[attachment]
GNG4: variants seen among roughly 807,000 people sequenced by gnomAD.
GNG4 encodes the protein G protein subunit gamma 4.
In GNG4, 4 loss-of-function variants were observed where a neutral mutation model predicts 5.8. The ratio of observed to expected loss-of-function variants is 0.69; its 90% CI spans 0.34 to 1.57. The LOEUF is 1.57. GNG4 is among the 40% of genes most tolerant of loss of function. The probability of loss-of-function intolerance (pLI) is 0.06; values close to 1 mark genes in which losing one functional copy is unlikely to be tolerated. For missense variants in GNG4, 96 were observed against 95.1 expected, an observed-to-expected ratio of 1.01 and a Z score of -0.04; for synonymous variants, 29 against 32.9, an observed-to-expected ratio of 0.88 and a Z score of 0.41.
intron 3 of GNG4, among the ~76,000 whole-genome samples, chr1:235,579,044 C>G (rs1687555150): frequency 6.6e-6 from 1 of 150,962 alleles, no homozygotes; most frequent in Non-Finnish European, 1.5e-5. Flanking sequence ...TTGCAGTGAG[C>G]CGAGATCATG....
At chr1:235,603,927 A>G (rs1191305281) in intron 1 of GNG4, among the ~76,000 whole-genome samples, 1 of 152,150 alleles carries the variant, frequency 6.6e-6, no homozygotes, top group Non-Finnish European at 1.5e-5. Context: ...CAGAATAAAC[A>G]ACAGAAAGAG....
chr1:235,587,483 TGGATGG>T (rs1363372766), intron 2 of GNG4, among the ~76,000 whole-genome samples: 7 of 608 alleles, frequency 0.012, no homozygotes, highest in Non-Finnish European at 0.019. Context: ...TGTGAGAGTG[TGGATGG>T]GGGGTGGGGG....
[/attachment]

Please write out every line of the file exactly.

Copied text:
GNG4: variants seen among roughly 807,000 people sequenced by gnomAD.
GNG4 encodes the protein G protein subunit gamma 4.
In GNG4, 4 loss-of-function variants were observed where a neutral mutation model predicts 5.8. The ratio of observed to expected loss-of-function variants is 0.69; its 90% CI spans 0.34 to 1.57. The LOEUF is 1.57. GNG4 is among the 40% of genes most tolerant of loss of function. The probability of loss-of-function intolerance (pLI) is 0.06; values close to 1 mark genes in which losing one functional copy is unlikely to be tolerated. For missense variants in GNG4, 96 were observed against 95.1 expected, an observed-to-expected ratio of 1.01 and a Z score of -0.04; for synonymous variants, 29 against 32.9, an observed-to-expected ratio of 0.88 and a Z score of 0.41.
intron 3 of GNG4, among the ~76,000 whole-genome samples, chr1:235,579,044 C>G (rs1687555150): frequency 6.6e-6 from 1 of 150,962 alleles, no homozygotes; most frequent in Non-Finnish European, 1.5e-5. Flanking sequence ...TTGCAGTGAG[C>G]CGAGATCATG....
At chr1:235,603,927 A>G (rs1191305281) in intron 1 of GNG4, among the ~76,000 whole-genome samples, 1 of 152,150 alleles carries the variant, frequency 6.6e-6, no homozygotes, top group Non-Finnish European at 1.5e-5. Context: ...CAGAATAAAC[A>G]ACAGAAAGAG....
chr1:235,587,483 TGGATGG>T (rs1363372766), intron 2 of GNG4, among the ~76,000 whole-genome samples: 7 of 608 alleles, frequency 0.012, no homozygotes, highest in Non-Finnish European at 0.019. Context: ...TGTGAGAGTG[TGGATGG>T]GGGGTGGGGG....